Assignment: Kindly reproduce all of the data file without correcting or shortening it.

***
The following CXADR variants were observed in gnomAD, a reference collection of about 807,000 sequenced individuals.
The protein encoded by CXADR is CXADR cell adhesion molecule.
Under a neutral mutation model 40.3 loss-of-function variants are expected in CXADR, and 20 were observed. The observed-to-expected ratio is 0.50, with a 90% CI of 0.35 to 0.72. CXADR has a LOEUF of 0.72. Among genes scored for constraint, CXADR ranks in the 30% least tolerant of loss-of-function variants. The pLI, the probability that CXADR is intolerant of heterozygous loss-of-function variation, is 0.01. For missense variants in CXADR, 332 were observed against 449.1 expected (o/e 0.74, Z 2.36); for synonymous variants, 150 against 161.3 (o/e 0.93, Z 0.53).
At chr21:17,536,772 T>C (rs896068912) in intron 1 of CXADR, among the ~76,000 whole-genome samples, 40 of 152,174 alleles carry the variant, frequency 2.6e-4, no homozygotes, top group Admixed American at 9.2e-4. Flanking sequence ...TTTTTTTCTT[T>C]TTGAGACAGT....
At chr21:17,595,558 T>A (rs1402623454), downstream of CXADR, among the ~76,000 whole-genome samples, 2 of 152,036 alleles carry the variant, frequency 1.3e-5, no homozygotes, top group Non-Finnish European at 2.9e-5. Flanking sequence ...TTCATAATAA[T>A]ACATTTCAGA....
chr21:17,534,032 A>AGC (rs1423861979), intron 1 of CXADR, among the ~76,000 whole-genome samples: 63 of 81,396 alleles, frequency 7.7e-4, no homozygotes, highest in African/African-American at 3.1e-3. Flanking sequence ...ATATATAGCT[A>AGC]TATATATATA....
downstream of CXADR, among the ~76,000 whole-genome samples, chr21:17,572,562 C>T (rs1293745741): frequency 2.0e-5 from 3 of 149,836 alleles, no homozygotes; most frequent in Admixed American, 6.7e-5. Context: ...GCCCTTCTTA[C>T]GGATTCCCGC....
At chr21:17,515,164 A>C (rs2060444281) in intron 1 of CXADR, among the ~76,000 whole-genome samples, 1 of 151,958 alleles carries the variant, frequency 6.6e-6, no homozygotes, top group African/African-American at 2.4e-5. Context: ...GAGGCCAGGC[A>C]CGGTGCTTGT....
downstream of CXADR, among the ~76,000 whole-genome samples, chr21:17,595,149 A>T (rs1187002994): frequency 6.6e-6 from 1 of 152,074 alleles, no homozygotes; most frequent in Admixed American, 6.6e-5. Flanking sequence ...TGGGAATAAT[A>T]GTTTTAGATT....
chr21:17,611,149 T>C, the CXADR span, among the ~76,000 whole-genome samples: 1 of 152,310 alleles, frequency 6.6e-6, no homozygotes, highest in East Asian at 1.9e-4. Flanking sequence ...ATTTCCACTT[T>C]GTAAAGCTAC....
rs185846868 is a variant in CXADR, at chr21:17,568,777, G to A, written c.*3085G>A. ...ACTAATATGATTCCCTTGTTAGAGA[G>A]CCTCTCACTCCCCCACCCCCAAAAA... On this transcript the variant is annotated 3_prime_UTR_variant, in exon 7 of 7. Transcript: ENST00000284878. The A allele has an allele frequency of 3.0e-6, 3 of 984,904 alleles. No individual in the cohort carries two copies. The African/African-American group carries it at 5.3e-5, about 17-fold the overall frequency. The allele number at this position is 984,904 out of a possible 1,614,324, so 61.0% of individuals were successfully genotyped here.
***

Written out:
The following CXADR variants were observed in gnomAD, a reference collection of about 807,000 sequenced individuals.
The protein encoded by CXADR is CXADR cell adhesion molecule.
Under a neutral mutation model 40.3 loss-of-function variants are expected in CXADR, and 20 were observed. The observed-to-expected ratio is 0.50, with a 90% CI of 0.35 to 0.72. CXADR has a LOEUF of 0.72. Among genes scored for constraint, CXADR ranks in the 30% least tolerant of loss-of-function variants. The pLI, the probability that CXADR is intolerant of heterozygous loss-of-function variation, is 0.01. For missense variants in CXADR, 332 were observed against 449.1 expected (o/e 0.74, Z 2.36); for synonymous variants, 150 against 161.3 (o/e 0.93, Z 0.53).
At chr21:17,536,772 T>C (rs896068912) in intron 1 of CXADR, among the ~76,000 whole-genome samples, 40 of 152,174 alleles carry the variant, frequency 2.6e-4, no homozygotes, top group Admixed American at 9.2e-4. Flanking sequence ...TTTTTTTCTT[T>C]TTGAGACAGT....
At chr21:17,595,558 T>A (rs1402623454), downstream of CXADR, among the ~76,000 whole-genome samples, 2 of 152,036 alleles carry the variant, frequency 1.3e-5, no homozygotes, top group Non-Finnish European at 2.9e-5. Flanking sequence ...TTCATAATAA[T>A]ACATTTCAGA....
chr21:17,534,032 A>AGC (rs1423861979), intron 1 of CXADR, among the ~76,000 whole-genome samples: 63 of 81,396 alleles, frequency 7.7e-4, no homozygotes, highest in African/African-American at 3.1e-3. Flanking sequence ...ATATATAGCT[A>AGC]TATATATATA....
downstream of CXADR, among the ~76,000 whole-genome samples, chr21:17,572,562 C>T (rs1293745741): frequency 2.0e-5 from 3 of 149,836 alleles, no homozygotes; most frequent in Admixed American, 6.7e-5. Context: ...GCCCTTCTTA[C>T]GGATTCCCGC....
At chr21:17,515,164 A>C (rs2060444281) in intron 1 of CXADR, among the ~76,000 whole-genome samples, 1 of 151,958 alleles carries the variant, frequency 6.6e-6, no homozygotes, top group African/African-American at 2.4e-5. Context: ...GAGGCCAGGC[A>C]CGGTGCTTGT....
downstream of CXADR, among the ~76,000 whole-genome samples, chr21:17,595,149 A>T (rs1187002994): frequency 6.6e-6 from 1 of 152,074 alleles, no homozygotes; most frequent in Admixed American, 6.6e-5. Flanking sequence ...TGGGAATAAT[A>T]GTTTTAGATT....
chr21:17,611,149 T>C, the CXADR span, among the ~76,000 whole-genome samples: 1 of 152,310 alleles, frequency 6.6e-6, no homozygotes, highest in East Asian at 1.9e-4. Flanking sequence ...ATTTCCACTT[T>C]GTAAAGCTAC....
rs185846868 is a variant in CXADR, at chr21:17,568,777, G to A, written c.*3085G>A. ...ACTAATATGATTCCCTTGTTAGAGA[G>A]CCTCTCACTCCCCCACCCCCAAAAA... On this transcript the variant is annotated 3_prime_UTR_variant, in exon 7 of 7. Transcript: ENST00000284878. The A allele has an allele frequency of 3.0e-6, 3 of 984,904 alleles. No individual in the cohort carries two copies. The African/African-American group carries it at 5.3e-5, about 17-fold the overall frequency. The allele number at this position is 984,904 out of a possible 1,614,324, so 61.0% of individuals were successfully genotyped here.